It is the night before I start on the annual trek back home. Or at least where I grew up. Detroit. The Motor City.
Every year it gets harder and harder. The place I grew up is not the same anymore. It seems smaller, dirtier somehow. Ironic, since I live in one of the dirtiest cities in the universe. But true.
I go home, and it is not familiar any more. Places I knew are gone, new stores and businesses have taken over my hometown. The people I knew have moved or moved on in their lives. The home I remember is but a ghost of what exists today.
The hardest thing to get used to is that the people I knew are gone. In spirit more than in person. The ones that have remained have "grown up". Most have gotten married, some have kids. The time we spent together, the good times and adventures are tales of nostalgia, and an era they have moved on from. I never moved on. I like that life and want to continue in it.
Some of the friends I truly enjoy catching up with. And then some of them look at me funny. To them I am a tourist, and get the courtesies and politeness reserved for strangers. To others I am entertainment. People who expect to hear exciting adventures from a glamorous lifestyle. A dancing monkey. I am who I am, if I had remained would I still be exotic or an outcast?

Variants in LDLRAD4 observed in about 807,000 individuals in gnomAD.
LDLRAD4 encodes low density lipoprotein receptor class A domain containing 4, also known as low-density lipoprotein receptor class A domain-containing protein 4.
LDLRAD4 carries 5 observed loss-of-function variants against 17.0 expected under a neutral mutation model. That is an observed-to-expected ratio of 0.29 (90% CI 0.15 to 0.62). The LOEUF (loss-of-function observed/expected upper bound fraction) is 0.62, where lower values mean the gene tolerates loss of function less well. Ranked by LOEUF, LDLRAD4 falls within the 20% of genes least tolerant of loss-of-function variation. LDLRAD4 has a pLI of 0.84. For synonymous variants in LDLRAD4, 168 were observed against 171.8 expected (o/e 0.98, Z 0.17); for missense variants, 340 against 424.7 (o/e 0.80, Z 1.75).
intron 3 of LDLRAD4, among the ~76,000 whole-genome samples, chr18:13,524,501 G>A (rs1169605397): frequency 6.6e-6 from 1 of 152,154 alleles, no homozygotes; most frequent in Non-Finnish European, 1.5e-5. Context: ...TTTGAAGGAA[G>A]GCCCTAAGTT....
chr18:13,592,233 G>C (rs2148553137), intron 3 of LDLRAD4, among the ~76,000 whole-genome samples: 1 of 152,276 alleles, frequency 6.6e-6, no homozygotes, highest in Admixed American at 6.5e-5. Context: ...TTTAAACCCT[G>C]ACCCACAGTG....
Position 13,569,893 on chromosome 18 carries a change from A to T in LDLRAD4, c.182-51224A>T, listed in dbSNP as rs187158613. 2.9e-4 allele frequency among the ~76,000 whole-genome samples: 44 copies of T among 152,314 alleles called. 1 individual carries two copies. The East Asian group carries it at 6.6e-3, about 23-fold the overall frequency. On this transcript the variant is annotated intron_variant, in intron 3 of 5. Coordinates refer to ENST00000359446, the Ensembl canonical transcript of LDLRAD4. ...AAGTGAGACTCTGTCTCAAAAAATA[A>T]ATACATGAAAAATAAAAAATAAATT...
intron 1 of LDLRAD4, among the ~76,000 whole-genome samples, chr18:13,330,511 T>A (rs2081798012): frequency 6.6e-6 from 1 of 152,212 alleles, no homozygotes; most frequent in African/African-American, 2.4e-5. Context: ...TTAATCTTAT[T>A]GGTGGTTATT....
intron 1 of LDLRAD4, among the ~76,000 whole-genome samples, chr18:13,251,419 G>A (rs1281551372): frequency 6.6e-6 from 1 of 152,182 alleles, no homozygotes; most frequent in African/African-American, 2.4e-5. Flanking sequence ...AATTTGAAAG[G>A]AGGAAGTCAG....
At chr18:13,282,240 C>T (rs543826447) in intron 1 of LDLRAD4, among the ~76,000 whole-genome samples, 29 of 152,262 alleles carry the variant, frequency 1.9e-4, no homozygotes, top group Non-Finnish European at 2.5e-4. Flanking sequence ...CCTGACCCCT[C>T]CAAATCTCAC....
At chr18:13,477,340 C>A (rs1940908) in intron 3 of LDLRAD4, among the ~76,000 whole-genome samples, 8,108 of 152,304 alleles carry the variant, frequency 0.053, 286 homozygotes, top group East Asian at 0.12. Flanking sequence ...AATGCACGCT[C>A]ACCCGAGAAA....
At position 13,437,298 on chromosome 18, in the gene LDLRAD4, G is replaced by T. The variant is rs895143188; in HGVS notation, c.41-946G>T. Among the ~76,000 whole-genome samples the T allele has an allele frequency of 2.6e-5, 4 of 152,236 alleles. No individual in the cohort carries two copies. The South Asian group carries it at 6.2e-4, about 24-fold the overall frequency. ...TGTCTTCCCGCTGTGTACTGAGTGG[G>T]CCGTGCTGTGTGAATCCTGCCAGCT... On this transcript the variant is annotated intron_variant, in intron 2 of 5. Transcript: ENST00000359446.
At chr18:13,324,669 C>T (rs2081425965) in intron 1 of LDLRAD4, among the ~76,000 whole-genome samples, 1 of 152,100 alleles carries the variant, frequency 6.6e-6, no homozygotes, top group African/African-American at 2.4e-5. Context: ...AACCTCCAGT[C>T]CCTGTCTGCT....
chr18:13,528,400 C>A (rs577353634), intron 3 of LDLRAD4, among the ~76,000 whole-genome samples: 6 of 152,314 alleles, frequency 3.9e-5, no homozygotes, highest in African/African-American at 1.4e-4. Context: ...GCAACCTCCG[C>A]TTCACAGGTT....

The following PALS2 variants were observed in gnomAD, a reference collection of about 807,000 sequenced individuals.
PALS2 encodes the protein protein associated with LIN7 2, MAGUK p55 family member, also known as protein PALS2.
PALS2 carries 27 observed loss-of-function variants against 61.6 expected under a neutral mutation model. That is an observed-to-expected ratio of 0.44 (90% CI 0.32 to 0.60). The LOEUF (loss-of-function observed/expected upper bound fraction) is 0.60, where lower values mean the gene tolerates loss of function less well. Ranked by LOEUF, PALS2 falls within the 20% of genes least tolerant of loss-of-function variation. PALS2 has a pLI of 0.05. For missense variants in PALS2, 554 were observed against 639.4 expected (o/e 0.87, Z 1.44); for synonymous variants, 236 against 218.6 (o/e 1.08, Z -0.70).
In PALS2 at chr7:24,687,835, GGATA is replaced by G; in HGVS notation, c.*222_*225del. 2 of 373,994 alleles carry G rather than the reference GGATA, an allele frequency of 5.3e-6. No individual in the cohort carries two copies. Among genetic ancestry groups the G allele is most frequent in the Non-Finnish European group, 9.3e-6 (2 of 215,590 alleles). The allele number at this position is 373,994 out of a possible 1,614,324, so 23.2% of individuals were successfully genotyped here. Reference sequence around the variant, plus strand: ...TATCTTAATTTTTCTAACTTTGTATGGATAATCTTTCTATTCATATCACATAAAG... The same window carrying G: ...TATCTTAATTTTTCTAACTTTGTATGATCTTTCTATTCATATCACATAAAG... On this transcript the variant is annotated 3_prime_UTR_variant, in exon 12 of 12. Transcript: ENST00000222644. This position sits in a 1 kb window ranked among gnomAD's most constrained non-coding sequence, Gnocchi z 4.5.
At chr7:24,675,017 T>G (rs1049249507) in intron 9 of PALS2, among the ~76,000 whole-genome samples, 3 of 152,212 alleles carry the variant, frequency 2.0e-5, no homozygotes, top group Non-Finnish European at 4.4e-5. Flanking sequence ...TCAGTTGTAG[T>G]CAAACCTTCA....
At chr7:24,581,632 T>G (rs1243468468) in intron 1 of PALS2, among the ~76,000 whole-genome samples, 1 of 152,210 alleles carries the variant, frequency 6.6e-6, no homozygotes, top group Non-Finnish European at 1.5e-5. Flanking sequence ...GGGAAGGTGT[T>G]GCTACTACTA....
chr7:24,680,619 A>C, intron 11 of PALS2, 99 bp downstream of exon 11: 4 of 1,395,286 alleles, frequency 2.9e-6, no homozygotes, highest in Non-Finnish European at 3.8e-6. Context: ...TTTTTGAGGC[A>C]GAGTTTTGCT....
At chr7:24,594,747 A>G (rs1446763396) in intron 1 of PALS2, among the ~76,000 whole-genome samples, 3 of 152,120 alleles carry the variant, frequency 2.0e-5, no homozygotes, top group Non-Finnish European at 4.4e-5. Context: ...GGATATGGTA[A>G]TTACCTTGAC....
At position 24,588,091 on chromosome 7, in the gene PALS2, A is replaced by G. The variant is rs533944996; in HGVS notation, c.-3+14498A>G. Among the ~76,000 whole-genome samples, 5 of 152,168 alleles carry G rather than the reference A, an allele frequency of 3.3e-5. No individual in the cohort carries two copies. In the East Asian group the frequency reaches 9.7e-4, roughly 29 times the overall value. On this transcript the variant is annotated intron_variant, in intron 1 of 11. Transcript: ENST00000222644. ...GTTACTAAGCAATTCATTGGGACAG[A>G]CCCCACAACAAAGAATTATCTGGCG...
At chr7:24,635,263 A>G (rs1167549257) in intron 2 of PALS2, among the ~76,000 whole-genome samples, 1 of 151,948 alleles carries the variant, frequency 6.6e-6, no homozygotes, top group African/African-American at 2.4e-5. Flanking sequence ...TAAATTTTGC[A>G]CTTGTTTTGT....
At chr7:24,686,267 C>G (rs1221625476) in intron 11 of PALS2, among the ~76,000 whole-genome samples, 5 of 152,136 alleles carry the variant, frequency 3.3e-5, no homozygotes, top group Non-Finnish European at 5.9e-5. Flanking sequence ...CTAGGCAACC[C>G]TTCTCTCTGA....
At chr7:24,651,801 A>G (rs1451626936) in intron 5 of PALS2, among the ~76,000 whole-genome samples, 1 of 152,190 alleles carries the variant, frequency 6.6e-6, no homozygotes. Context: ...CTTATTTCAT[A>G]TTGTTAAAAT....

Or maybe I am avoiding thinking about the hardest part about coming home, remembering the dreams I lost. I simultaneously hope and dread that I will see my ex, the guy I fell in love with and left behind. How terrible is it that I hope to see him to flaunt what he lost? Yet I dread him because when I see him then I realize what I lost. One sensation does not exist without the other, yet the entire sensation so hollow and sad.
Thomas Wolfe said you can't go home again. Such a simple statement, but so true.
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